On March 12-14, 2008, the Wall Street Journal sponsored an executive conference called ECO:nomics: Creating Environmental Capital. The conference took place at the Bacara Resort and Spa in Santa Barbara, California one of the birthplaces of the modern environmental movement.
At the close of the conference, Kimberly Strassel, a Wall Street Journal editorial page writer interviewed California Governor Arnold Schwarzenegger. The Governor talked about a number of actions that his administration initiated to try to address what he considers to be a huge challenge – halting global warming. He also shared a lot of thoughts about leadership, technology, and positive effects that come from addressing a problem head on. He talked about his partnerships with many businesses and his frustration with getting things done in a state capital where there is debate about every step of a journey, but he recognized that is a benefit of democracy as well as a obstacle to progress.
As he talked about a recent conversation with John Bryson, CEO of Edison International, he shared his opinion about nuclear power. In that context, and with that audience, I believe that this one minute comment will be remembered as an important milestone in the Second Atomic Age. Here is the direct quote:
Schwarzenegger: “We had an interesting conversation where I brought up the conversation about nuclear power. I think that’s a very important kind of a subject that we ought to debate over in the future because we’re talking about carbon free you know power and energy.”
Kimberly Strassel: “Are you a supporter?” (Aside: Ms. Strassel sounds a bit surprised in the audio version.)
Schwarzenegger: “I, myself think that nuclear power has a great future. I think that we should look at it seriously again. I know there are people that are scared about it. I know that there are certain environmentalists that put the scare tactics out there and they frighten everyone that we’re going to have another blowup and all of those things, but I think that knowledge has advanced so much, and also that we are now seeing that there is such an unbelievable reduction in waste, nuclear waste. So they’re really bringing it way down, so that now we can really, I think, relook at that issue again rather than just looking the other way and living in denial. Because it will be very beneficial, like in France where they get 82% of their energy through nuclear power, to look at that because there’s no greenhouse gas emissions. So we talked about that. We had an interesting discussion.”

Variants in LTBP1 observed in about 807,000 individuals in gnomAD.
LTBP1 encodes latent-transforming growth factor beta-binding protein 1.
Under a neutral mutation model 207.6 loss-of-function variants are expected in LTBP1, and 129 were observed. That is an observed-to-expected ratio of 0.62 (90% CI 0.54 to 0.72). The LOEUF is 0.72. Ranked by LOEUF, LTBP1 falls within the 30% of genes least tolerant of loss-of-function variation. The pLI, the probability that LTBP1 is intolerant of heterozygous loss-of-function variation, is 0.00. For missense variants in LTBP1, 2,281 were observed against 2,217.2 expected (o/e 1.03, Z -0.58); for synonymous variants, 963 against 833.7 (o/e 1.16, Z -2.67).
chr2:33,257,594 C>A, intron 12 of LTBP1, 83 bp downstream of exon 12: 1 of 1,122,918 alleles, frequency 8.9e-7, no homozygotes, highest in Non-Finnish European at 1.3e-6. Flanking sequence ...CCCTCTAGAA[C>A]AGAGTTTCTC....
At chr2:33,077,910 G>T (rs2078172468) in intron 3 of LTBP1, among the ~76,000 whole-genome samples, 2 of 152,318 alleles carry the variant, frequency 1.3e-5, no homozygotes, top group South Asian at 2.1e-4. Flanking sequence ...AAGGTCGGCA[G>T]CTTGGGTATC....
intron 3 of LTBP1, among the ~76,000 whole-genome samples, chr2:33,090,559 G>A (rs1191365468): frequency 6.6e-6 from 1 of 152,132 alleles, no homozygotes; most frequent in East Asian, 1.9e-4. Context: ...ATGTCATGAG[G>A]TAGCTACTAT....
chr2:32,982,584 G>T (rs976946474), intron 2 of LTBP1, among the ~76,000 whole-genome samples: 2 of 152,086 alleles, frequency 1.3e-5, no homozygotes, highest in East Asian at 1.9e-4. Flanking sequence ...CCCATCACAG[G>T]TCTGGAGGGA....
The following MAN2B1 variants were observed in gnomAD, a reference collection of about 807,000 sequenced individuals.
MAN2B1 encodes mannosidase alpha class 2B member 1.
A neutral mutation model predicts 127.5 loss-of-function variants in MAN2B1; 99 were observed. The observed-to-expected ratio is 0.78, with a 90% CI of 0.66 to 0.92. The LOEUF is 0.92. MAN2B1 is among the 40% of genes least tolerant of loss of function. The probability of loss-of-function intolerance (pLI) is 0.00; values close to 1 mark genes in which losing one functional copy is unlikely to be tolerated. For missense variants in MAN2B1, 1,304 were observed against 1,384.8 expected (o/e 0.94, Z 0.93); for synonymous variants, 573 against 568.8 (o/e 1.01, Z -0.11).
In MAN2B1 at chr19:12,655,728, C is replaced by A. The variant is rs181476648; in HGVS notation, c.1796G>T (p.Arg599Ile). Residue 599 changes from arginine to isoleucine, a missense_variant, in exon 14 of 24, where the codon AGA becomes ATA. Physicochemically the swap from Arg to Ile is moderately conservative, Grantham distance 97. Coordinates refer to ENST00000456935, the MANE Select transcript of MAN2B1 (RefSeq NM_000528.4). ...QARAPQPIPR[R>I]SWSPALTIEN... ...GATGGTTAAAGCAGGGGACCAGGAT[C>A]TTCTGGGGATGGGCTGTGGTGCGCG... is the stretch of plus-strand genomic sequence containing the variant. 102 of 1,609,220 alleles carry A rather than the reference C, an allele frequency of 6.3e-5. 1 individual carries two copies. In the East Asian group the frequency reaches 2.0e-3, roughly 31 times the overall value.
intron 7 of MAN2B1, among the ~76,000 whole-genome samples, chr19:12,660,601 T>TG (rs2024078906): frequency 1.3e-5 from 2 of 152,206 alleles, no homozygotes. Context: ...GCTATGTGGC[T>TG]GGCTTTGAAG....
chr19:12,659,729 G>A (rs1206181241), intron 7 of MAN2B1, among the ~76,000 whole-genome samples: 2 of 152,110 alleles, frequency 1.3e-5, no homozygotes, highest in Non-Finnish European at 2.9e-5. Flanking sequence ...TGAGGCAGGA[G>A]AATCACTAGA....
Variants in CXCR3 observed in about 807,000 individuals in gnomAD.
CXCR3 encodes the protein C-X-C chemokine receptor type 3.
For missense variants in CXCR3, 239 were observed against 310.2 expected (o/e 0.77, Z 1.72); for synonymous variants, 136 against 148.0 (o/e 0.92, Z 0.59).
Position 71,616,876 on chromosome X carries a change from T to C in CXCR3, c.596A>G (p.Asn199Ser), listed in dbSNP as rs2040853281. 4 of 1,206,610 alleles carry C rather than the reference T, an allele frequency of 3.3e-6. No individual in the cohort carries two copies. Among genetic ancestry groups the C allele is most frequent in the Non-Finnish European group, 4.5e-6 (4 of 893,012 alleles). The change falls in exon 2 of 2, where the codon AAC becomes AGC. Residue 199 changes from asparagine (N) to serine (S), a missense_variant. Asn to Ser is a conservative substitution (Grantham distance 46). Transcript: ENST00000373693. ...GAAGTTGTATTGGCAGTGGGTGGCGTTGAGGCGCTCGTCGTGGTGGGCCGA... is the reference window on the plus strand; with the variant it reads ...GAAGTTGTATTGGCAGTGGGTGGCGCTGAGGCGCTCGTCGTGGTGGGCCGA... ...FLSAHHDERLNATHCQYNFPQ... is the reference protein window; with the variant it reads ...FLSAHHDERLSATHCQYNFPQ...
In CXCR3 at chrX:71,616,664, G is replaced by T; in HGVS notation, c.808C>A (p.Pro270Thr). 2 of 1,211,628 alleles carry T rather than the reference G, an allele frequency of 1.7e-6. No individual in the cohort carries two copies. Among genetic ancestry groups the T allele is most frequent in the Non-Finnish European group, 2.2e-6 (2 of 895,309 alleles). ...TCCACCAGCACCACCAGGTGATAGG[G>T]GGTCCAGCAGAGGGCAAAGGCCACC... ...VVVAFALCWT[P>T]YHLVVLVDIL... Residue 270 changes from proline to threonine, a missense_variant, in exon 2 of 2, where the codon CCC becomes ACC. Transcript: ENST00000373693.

You can listen to the entire interview here.
Keith Johnson, who writes for the Wall Street Journal Environmental Capital Blog, has an interesting post on the matter titled Schwarzenegger: Nukes Are Great. Go and get involved in that discussion as well as commenting here. What do you think? Will this comment have an impact? Why or why not?
(Historical Note: On Jan. 28, 1969, Union Oil’s Platform A blew out and spilled three million gallons of crude oil that contaminated the formerly beautiful beaches in Santa Barbara County. That event was the catalyst that inspired many to turn to environmentalism at a time when the movement had only rhetorical power. See, for example ‘69 Oil Spill Leaves Mark on SB Environmentalism)
Update: March 16, 2008 – State Assemblyman Chuck DeVore, a long time advocate of removing the legal restrictions on new nuclear power plants in California, noticed the Governor’s statement and made an entry on his blog titled Gov. Schwarzenegger supports nuclear power. Let’s hope that the governor’s leadership helps his persistent efforts to pass good legislation like AB 1776, a proposed bill that lifts the limits on new nuclear power plants and imposes some reasonable provisions designed to avoid the costs of trying to build on a seismically active site.